In this paper, sample mass-absorption corrections for X-ray fluorescence trace element analysis are reexamined and a new approach is presented that is more accurate and more versatile than current methods. A method based on Compton scattering of a tube line is widely used because it is simple and does not require knowledge of the complete sample composition. The equivalent-wavelength method is sometimes used instead, especially if there is a major element absorption edge between the wavelengths of the Compton peak and the characteristic analyte radiation. Both methods suffer from difficulties in correcting for absorption edges and for enhancement by secondary fluorescence. In addition, the necessary assumption that the ratio of mass-absorption coefficients of any two elements is approximately independent of wavelength is surprisingly inaccurate. A series of examples demonstrates that in some cases large analytical errors may result.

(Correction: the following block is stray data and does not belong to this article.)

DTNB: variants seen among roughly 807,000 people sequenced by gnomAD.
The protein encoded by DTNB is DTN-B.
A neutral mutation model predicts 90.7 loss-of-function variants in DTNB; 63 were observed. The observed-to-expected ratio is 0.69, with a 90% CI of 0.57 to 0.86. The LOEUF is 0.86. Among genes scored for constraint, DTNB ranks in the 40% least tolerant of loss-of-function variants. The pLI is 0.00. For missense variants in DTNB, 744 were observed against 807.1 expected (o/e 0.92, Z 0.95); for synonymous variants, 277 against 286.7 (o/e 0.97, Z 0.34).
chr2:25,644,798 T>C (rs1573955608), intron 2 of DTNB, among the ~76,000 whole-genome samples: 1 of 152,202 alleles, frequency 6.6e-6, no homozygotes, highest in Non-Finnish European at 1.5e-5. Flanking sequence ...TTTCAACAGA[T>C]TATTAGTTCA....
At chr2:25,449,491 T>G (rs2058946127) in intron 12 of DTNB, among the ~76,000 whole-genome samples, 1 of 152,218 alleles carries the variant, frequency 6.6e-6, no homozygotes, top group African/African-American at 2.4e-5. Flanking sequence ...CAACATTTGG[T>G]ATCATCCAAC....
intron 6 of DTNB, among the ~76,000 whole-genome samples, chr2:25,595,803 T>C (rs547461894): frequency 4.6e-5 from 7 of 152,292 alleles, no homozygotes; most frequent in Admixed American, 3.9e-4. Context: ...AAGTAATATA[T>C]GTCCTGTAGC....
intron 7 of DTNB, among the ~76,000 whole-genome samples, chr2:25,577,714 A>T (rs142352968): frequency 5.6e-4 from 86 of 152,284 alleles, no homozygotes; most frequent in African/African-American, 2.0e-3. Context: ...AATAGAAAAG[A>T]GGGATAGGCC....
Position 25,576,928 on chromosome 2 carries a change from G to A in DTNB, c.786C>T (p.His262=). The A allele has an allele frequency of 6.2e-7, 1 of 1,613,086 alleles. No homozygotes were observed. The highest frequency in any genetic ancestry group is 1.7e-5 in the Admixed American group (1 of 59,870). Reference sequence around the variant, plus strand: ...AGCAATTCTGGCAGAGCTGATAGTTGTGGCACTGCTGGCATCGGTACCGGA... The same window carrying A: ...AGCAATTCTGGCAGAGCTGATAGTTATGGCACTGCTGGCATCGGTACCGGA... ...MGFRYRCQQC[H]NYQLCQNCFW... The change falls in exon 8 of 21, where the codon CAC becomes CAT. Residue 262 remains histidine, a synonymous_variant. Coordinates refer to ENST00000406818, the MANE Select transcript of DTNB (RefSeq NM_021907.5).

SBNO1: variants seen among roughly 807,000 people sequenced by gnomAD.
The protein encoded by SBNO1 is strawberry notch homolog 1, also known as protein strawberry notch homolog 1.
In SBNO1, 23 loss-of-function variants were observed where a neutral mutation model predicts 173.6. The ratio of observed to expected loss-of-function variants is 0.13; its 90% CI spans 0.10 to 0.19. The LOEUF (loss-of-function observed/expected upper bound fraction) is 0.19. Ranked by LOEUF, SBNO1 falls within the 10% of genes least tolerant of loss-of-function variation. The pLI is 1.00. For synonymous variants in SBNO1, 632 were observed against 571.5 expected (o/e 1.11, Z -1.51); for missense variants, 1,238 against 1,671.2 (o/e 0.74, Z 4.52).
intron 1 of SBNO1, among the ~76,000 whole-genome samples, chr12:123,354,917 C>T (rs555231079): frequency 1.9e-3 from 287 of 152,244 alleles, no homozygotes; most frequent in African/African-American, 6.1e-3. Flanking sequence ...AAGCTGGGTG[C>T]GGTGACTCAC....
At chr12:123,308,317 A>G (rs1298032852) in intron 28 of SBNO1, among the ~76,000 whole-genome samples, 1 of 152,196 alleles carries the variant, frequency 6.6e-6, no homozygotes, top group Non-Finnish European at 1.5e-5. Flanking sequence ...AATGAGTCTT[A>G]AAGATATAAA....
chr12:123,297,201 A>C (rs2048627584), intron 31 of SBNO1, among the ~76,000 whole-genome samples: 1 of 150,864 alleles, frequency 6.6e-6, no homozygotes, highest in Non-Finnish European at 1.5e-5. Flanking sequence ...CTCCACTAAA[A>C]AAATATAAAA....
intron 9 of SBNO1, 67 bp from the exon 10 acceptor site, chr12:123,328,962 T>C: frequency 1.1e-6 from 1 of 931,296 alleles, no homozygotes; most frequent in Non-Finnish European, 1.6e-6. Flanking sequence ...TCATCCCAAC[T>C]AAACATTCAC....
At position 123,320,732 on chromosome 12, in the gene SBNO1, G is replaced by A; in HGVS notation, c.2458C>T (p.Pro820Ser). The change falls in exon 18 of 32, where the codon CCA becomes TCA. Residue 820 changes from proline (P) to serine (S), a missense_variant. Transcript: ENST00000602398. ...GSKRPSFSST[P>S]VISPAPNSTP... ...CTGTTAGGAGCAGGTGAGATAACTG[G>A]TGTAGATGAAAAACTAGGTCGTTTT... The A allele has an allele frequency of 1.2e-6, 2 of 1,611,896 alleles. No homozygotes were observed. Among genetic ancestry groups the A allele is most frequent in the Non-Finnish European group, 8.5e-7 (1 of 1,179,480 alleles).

Methods based on the new approach completely and automatically correct for absorption edges and secondary fluorescence, without introducing such errors. In contrast to current methods, a complete major element analysis is not necessary. Thus, rapid determination of concentration ratios, such as Cr/Fe and V/Fe in oxide ores, BalFe in Fe-rich hydrothermal deposits, and Sr/Ca in carbonates, is possible.
In an experimental test, accuracy of better than 1% was demonstrated for analysis of V in Fe-rich samples. A proposed coefficient approximation was shown to give accuracy of 2% or better (excluding experimental errors) for Rb, Ni, Ba, and Cr over an extremely wide range of sample compositions.